The storytellers told the stories of how they’d met and how they’d come to be travelling.  We learned that they both identified as queer, and that they were both finding better lives on the road than the ones expected by their parents and in their home villages.  We learned how they got to be good storytellers (a deity is involved).  Kaldr, who’s left his home village because of taunts about being gay, seeks out Lofn, the goddess of forbidden love, in hopes she can make things right.  “I’m just like a marriage commissioner” she shrugs, “changing someone’s mind is harder.  For that, you need an army.”

They also told stories of the gods, often with an emphasis on queerness.  There’s a really great sequence at drag-queen open-mic night (including an original song composed by Rebecca Merkley and choreography by C.J. Rowein) And there’s a hopeful twist on how they get the aforementioned army for changing minds.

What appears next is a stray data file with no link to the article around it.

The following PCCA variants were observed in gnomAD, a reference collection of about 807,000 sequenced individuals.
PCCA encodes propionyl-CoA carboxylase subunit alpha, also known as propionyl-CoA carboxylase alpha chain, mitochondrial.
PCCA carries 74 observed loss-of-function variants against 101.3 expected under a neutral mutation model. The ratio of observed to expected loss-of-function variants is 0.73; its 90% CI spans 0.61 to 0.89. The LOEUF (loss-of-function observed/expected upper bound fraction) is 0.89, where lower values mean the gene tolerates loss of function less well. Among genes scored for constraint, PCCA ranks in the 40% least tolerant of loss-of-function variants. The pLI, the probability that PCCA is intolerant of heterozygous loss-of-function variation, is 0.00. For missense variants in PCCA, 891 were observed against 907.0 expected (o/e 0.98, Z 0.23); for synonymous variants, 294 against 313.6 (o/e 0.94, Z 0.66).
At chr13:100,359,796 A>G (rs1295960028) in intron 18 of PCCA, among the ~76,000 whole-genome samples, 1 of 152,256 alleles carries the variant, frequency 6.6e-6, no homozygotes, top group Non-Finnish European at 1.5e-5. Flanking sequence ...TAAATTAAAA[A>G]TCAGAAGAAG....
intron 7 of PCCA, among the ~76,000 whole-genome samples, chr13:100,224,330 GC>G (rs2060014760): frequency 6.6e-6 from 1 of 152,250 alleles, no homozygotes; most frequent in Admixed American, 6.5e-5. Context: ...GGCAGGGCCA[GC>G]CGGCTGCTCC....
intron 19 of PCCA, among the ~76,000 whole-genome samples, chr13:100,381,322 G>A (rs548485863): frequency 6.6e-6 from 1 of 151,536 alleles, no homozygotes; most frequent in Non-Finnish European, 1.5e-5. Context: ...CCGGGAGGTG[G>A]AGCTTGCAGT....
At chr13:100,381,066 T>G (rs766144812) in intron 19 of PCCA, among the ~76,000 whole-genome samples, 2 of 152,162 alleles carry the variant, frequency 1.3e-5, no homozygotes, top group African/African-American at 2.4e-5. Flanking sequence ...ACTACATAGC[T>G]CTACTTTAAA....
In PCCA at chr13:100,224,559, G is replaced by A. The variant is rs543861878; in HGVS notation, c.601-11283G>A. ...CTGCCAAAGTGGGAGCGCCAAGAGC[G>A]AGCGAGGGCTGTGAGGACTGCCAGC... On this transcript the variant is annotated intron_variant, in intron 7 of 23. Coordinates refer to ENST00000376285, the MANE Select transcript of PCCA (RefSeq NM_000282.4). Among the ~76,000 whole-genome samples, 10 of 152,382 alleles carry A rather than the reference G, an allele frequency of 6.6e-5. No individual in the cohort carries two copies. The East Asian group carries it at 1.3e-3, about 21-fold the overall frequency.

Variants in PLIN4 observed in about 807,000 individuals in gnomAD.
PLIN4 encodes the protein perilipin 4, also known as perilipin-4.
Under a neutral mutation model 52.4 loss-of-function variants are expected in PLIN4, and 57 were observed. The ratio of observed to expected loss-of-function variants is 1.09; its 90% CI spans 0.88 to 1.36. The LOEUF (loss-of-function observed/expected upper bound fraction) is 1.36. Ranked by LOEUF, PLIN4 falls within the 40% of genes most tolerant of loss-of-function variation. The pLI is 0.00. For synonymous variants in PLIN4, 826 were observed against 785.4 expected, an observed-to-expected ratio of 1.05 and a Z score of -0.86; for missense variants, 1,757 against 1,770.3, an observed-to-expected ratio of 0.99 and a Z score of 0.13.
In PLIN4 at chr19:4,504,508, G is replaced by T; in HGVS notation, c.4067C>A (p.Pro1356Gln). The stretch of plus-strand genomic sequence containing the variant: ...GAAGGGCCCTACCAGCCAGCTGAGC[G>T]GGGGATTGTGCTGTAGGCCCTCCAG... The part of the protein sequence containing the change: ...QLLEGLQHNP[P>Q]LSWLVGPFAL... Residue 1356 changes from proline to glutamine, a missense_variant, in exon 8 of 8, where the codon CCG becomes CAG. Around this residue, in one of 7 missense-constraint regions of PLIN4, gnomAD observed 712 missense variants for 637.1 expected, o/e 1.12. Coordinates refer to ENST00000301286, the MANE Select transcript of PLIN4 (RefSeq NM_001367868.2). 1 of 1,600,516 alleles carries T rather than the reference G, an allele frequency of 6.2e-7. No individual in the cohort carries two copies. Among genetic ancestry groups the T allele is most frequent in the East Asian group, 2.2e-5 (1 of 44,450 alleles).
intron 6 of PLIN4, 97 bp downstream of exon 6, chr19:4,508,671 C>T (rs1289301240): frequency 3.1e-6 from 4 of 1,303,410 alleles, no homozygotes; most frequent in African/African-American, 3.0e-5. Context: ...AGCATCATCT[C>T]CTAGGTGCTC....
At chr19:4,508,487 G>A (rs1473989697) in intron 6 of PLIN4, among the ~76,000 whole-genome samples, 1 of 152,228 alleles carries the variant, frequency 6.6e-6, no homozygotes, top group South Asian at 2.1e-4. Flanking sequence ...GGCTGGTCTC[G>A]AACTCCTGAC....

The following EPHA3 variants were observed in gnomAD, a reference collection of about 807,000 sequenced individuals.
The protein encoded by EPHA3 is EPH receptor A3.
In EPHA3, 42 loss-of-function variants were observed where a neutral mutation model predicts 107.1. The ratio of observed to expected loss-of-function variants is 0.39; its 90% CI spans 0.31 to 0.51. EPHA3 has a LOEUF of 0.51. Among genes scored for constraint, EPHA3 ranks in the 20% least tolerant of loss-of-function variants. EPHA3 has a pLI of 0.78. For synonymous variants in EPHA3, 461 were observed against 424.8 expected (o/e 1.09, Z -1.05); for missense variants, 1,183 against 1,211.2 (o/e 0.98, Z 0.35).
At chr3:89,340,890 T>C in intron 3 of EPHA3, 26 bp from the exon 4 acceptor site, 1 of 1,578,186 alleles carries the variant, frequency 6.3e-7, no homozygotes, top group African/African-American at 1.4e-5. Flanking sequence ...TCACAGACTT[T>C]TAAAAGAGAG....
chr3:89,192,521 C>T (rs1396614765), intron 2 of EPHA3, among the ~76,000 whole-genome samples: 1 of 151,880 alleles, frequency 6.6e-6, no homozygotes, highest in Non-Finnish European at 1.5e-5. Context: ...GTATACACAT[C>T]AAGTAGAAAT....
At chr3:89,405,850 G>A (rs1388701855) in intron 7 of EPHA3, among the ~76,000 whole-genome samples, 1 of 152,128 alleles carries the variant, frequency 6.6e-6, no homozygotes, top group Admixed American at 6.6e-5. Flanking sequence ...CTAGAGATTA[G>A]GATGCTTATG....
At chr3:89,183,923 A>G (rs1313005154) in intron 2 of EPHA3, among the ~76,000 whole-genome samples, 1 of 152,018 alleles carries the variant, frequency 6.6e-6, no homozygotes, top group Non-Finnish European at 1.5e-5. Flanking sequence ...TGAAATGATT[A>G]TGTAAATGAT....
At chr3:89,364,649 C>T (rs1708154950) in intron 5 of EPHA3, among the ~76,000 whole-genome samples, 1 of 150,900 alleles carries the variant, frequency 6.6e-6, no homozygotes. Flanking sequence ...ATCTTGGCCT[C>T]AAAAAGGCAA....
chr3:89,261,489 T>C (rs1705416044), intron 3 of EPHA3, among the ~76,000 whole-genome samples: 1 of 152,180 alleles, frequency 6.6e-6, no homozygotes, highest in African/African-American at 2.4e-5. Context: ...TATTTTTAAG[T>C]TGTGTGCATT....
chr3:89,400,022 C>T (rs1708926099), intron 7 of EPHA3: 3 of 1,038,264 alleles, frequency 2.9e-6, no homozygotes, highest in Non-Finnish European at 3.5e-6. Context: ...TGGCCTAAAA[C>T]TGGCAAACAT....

Near the end, there’s a bit that made my seat-mate and me both shiver with apprehension about what we thought was coming next … but then it didn’t seem to happen the way we were expecting, and we weren’t sure afterwards if it was just a more subtle version of the destiny hinted at, or if the more-open-ended finish suggested they were avoiding that destiny … we didn’t know, but we were both engaged with what would happen to these two likeable characters, Kaldr and Saga.